President Trump’s Prime-Time Pandemic – The New York Times

There is not any larger asset to a salesman or a politician than an viewers that wishes to imagine. If you wish to imagine, right here’s what you possibly can see: The president of the United States, at a podium, backed by a staff of officers and consultants, doing one thing — or at the least saying one thing, at size, which within the visible language of TV reads as the identical factor.

It just isn’t solely viewers at house who wish to have religion. On March 17, when Mr. Trump struck a somber word after minimizing the virus for weeks, CNN’s Dana Bash mentioned that he was being “the kind of leader that people need, at least in tone.”

Per week later, he was at a Fox “virtual town hall” saying, “We lose thousands and thousands of people a year to the flu — we don’t turn the country off,” and asserting his urge to reopen the economic system on Easter. (The host, Bill Hemmer, hosanna’ed that it could be “a great American resurrection.”)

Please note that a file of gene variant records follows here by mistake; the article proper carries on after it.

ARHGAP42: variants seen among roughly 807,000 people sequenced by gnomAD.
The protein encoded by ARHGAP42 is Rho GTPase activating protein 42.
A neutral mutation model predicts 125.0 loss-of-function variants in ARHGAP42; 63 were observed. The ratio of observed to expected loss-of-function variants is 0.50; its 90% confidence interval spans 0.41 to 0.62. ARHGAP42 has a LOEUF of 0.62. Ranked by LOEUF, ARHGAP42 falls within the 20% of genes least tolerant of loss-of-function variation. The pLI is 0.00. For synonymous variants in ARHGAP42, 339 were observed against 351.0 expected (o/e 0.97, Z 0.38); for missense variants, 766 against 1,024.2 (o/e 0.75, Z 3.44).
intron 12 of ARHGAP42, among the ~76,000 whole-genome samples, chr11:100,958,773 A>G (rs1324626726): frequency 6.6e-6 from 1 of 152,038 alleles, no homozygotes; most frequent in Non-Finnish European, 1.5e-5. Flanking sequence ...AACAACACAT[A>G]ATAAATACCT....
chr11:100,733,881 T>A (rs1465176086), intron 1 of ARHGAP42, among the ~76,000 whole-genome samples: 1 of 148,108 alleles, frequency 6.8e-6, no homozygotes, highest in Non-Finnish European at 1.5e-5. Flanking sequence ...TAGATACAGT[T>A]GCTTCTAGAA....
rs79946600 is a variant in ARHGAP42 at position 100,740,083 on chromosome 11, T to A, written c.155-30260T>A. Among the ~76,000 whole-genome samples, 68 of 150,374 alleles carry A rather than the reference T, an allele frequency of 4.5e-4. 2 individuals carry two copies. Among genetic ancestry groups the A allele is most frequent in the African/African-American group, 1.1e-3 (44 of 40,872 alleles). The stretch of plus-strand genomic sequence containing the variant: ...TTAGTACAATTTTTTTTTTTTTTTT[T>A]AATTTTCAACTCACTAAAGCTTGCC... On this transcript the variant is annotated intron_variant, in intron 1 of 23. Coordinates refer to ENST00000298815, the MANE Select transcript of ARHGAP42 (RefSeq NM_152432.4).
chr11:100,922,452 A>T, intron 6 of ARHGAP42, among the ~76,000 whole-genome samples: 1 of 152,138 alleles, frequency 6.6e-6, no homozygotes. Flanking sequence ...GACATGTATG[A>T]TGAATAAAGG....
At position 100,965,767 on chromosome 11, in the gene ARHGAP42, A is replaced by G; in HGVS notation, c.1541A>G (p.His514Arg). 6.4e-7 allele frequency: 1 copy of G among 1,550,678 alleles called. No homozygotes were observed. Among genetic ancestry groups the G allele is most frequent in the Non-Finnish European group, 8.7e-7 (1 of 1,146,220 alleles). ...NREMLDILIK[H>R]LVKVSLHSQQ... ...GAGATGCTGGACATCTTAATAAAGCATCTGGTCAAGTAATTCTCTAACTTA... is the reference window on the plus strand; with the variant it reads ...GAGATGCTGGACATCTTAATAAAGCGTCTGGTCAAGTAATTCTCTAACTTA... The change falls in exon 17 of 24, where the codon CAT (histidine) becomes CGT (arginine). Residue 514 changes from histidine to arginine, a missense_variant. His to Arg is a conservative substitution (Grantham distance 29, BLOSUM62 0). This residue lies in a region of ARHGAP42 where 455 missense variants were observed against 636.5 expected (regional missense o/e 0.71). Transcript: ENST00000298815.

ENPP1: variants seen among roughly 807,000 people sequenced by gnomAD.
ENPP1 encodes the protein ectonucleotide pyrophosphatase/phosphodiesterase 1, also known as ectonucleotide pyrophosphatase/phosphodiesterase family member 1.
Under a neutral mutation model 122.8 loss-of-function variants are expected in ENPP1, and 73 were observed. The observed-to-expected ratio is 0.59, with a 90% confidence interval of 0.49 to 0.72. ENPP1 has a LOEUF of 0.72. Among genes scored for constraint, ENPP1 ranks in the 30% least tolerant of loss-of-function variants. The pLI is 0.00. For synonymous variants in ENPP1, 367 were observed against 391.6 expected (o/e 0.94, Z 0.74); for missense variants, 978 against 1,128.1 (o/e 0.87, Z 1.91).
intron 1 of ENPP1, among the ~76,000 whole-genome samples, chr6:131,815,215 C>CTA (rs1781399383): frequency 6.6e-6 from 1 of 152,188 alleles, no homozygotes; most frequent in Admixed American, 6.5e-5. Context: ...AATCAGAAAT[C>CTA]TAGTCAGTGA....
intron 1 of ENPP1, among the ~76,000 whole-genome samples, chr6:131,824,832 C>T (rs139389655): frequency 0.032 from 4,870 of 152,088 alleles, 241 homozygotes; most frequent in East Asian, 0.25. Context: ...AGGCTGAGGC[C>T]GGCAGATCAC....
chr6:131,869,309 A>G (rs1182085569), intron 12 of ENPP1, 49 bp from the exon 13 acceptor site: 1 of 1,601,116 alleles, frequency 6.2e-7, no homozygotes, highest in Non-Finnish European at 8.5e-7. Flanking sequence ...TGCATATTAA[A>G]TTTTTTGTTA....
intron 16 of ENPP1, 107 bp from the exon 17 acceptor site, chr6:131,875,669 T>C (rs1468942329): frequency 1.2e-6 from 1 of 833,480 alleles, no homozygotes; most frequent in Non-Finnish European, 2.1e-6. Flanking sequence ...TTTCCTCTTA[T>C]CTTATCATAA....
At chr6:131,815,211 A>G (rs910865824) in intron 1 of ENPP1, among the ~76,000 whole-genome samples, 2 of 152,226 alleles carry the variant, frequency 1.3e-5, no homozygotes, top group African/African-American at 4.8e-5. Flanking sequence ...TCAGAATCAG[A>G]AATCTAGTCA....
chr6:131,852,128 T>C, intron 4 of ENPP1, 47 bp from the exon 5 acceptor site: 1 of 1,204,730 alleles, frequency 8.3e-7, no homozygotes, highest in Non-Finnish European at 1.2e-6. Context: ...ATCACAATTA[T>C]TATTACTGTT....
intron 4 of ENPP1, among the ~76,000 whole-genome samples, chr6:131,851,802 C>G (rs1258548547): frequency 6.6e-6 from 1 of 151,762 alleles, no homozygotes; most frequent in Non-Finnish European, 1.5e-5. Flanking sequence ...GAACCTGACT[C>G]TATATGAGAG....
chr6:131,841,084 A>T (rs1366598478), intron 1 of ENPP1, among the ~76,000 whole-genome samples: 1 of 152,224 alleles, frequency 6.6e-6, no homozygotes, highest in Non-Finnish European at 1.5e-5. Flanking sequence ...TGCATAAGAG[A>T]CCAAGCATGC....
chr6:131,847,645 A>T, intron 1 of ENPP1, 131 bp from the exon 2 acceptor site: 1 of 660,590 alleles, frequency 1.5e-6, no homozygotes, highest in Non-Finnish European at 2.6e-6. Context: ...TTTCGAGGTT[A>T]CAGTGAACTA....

And for Mr. Trump, the briefings permit him to show his pandemic response from a serial narrative, through which he’s held accountable for his cumulative motion or inaction over time, into an episodic manufacturing, through which all that issues is what occurred within the newest installment.

Every episode, on this manufacturing, wipes the slate clear, like a sitcom restoring the established order. All these feedback about how the coronavirus is just like the flu and about how the instances will quickly go right down to zero and about not eager to obtain contaminated cruise-ship passengers as a result of “I like the numbers being where they are”? That’s final season.

What issues, because the briefings body it, is the subsequent factor, the brand new rhetoric, the newest drama. “Will the president be there?” requested CNN’s Wolf Blitzer, teasing the March 25 briefing. “Will Dr. Fauci be there?”

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